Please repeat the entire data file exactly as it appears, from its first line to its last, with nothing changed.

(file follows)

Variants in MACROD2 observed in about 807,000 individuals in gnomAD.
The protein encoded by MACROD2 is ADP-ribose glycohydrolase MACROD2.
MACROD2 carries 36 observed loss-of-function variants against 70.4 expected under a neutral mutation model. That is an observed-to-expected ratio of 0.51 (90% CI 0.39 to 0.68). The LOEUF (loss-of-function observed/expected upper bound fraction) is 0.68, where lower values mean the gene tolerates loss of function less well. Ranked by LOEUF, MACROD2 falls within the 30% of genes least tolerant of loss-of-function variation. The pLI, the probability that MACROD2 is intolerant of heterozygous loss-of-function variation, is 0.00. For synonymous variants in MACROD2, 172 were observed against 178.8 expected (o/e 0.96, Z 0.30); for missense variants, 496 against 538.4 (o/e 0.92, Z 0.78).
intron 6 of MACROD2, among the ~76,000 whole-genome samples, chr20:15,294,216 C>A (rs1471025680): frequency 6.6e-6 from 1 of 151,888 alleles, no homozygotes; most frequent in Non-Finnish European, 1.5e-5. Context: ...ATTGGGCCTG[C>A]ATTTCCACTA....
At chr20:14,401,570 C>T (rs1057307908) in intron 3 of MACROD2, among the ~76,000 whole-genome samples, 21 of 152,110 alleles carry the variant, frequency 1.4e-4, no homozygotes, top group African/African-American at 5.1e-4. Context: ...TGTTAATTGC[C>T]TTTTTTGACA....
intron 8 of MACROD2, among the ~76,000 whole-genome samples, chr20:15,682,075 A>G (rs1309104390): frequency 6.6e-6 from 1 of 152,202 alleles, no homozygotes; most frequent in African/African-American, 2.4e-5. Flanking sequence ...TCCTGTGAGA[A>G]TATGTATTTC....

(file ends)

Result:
Variants in MACROD2 observed in about 807,000 individuals in gnomAD.
The protein encoded by MACROD2 is ADP-ribose glycohydrolase MACROD2.
MACROD2 carries 36 observed loss-of-function variants against 70.4 expected under a neutral mutation model. That is an observed-to-expected ratio of 0.51 (90% CI 0.39 to 0.68). The LOEUF (loss-of-function observed/expected upper bound fraction) is 0.68, where lower values mean the gene tolerates loss of function less well. Ranked by LOEUF, MACROD2 falls within the 30% of genes least tolerant of loss-of-function variation. The pLI, the probability that MACROD2 is intolerant of heterozygous loss-of-function variation, is 0.00. For synonymous variants in MACROD2, 172 were observed against 178.8 expected (o/e 0.96, Z 0.30); for missense variants, 496 against 538.4 (o/e 0.92, Z 0.78).
intron 6 of MACROD2, among the ~76,000 whole-genome samples, chr20:15,294,216 C>A (rs1471025680): frequency 6.6e-6 from 1 of 151,888 alleles, no homozygotes; most frequent in Non-Finnish European, 1.5e-5. Context: ...ATTGGGCCTG[C>A]ATTTCCACTA....
At chr20:14,401,570 C>T (rs1057307908) in intron 3 of MACROD2, among the ~76,000 whole-genome samples, 21 of 152,110 alleles carry the variant, frequency 1.4e-4, no homozygotes, top group African/African-American at 5.1e-4. Context: ...TGTTAATTGC[C>T]TTTTTTGACA....
intron 8 of MACROD2, among the ~76,000 whole-genome samples, chr20:15,682,075 A>G (rs1309104390): frequency 6.6e-6 from 1 of 152,202 alleles, no homozygotes; most frequent in African/African-American, 2.4e-5. Flanking sequence ...TCCTGTGAGA[A>G]TATGTATTTC....